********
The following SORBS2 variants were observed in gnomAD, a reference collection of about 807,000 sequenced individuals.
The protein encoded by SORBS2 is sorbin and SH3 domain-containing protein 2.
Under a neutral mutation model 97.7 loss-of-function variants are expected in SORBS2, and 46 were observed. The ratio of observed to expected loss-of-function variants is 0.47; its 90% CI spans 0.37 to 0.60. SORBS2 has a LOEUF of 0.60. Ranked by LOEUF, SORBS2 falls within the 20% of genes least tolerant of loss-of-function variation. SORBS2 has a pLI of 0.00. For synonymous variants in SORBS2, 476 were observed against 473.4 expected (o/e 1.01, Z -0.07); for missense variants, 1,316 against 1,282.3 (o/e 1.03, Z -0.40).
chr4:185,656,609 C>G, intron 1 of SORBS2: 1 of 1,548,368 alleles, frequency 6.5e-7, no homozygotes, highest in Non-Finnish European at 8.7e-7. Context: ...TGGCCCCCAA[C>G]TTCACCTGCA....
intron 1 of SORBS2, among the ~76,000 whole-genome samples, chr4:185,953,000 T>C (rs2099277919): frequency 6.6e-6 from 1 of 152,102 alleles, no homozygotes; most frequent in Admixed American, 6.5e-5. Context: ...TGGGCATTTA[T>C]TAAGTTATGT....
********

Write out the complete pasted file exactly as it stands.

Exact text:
The following SORBS2 variants were observed in gnomAD, a reference collection of about 807,000 sequenced individuals.
The protein encoded by SORBS2 is sorbin and SH3 domain-containing protein 2.
Under a neutral mutation model 97.7 loss-of-function variants are expected in SORBS2, and 46 were observed. The ratio of observed to expected loss-of-function variants is 0.47; its 90% CI spans 0.37 to 0.60. SORBS2 has a LOEUF of 0.60. Ranked by LOEUF, SORBS2 falls within the 20% of genes least tolerant of loss-of-function variation. SORBS2 has a pLI of 0.00. For synonymous variants in SORBS2, 476 were observed against 473.4 expected (o/e 1.01, Z -0.07); for missense variants, 1,316 against 1,282.3 (o/e 1.03, Z -0.40).
chr4:185,656,609 C>G, intron 1 of SORBS2: 1 of 1,548,368 alleles, frequency 6.5e-7, no homozygotes, highest in Non-Finnish European at 8.7e-7. Context: ...TGGCCCCCAA[C>G]TTCACCTGCA....
intron 1 of SORBS2, among the ~76,000 whole-genome samples, chr4:185,953,000 T>C (rs2099277919): frequency 6.6e-6 from 1 of 152,102 alleles, no homozygotes; most frequent in Admixed American, 6.5e-5. Context: ...TGGGCATTTA[T>C]TAAGTTATGT....